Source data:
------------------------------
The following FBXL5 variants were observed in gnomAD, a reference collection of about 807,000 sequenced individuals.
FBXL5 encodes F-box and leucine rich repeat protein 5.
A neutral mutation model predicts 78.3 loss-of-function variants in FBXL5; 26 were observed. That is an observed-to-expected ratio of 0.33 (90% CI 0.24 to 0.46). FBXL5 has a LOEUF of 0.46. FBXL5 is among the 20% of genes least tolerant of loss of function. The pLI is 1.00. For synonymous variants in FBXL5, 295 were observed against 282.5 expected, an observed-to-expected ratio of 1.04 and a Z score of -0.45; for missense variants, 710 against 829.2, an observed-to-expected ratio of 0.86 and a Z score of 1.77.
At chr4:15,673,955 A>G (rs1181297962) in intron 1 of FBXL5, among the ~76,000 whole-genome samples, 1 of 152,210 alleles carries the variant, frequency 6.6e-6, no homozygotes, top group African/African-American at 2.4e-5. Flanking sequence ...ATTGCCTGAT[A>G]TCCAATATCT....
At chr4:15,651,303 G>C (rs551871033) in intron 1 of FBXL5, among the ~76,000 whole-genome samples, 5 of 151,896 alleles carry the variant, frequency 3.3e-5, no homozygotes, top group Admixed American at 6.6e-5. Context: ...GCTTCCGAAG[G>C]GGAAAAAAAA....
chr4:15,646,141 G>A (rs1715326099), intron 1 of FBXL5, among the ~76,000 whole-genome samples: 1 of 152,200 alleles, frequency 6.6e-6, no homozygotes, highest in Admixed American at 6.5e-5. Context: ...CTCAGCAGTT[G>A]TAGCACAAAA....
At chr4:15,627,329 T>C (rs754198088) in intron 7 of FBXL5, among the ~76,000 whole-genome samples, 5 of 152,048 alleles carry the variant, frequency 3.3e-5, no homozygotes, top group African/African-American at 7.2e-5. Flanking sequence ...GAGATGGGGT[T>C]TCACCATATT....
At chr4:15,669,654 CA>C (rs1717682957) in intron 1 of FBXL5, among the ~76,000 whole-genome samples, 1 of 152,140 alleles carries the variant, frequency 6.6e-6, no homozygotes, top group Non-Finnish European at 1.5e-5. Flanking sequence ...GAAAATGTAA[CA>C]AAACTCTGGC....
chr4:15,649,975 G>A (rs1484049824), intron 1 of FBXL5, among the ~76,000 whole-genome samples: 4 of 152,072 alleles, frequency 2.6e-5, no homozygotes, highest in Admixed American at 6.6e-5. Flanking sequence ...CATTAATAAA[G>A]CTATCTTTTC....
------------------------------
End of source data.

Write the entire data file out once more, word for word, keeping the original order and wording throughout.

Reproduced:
The following FBXL5 variants were observed in gnomAD, a reference collection of about 807,000 sequenced individuals.
FBXL5 encodes F-box and leucine rich repeat protein 5.
A neutral mutation model predicts 78.3 loss-of-function variants in FBXL5; 26 were observed. That is an observed-to-expected ratio of 0.33 (90% CI 0.24 to 0.46). FBXL5 has a LOEUF of 0.46. FBXL5 is among the 20% of genes least tolerant of loss of function. The pLI is 1.00. For synonymous variants in FBXL5, 295 were observed against 282.5 expected, an observed-to-expected ratio of 1.04 and a Z score of -0.45; for missense variants, 710 against 829.2, an observed-to-expected ratio of 0.86 and a Z score of 1.77.
At chr4:15,673,955 A>G (rs1181297962) in intron 1 of FBXL5, among the ~76,000 whole-genome samples, 1 of 152,210 alleles carries the variant, frequency 6.6e-6, no homozygotes, top group African/African-American at 2.4e-5. Flanking sequence ...ATTGCCTGAT[A>G]TCCAATATCT....
At chr4:15,651,303 G>C (rs551871033) in intron 1 of FBXL5, among the ~76,000 whole-genome samples, 5 of 151,896 alleles carry the variant, frequency 3.3e-5, no homozygotes, top group Admixed American at 6.6e-5. Context: ...GCTTCCGAAG[G>C]GGAAAAAAAA....
chr4:15,646,141 G>A (rs1715326099), intron 1 of FBXL5, among the ~76,000 whole-genome samples: 1 of 152,200 alleles, frequency 6.6e-6, no homozygotes, highest in Admixed American at 6.5e-5. Context: ...CTCAGCAGTT[G>A]TAGCACAAAA....
At chr4:15,627,329 T>C (rs754198088) in intron 7 of FBXL5, among the ~76,000 whole-genome samples, 5 of 152,048 alleles carry the variant, frequency 3.3e-5, no homozygotes, top group African/African-American at 7.2e-5. Flanking sequence ...GAGATGGGGT[T>C]TCACCATATT....
At chr4:15,669,654 CA>C (rs1717682957) in intron 1 of FBXL5, among the ~76,000 whole-genome samples, 1 of 152,140 alleles carries the variant, frequency 6.6e-6, no homozygotes, top group Non-Finnish European at 1.5e-5. Flanking sequence ...GAAAATGTAA[CA>C]AAACTCTGGC....
chr4:15,649,975 G>A (rs1484049824), intron 1 of FBXL5, among the ~76,000 whole-genome samples: 4 of 152,072 alleles, frequency 2.6e-5, no homozygotes, highest in Admixed American at 6.6e-5. Flanking sequence ...CATTAATAAA[G>A]CTATCTTTTC....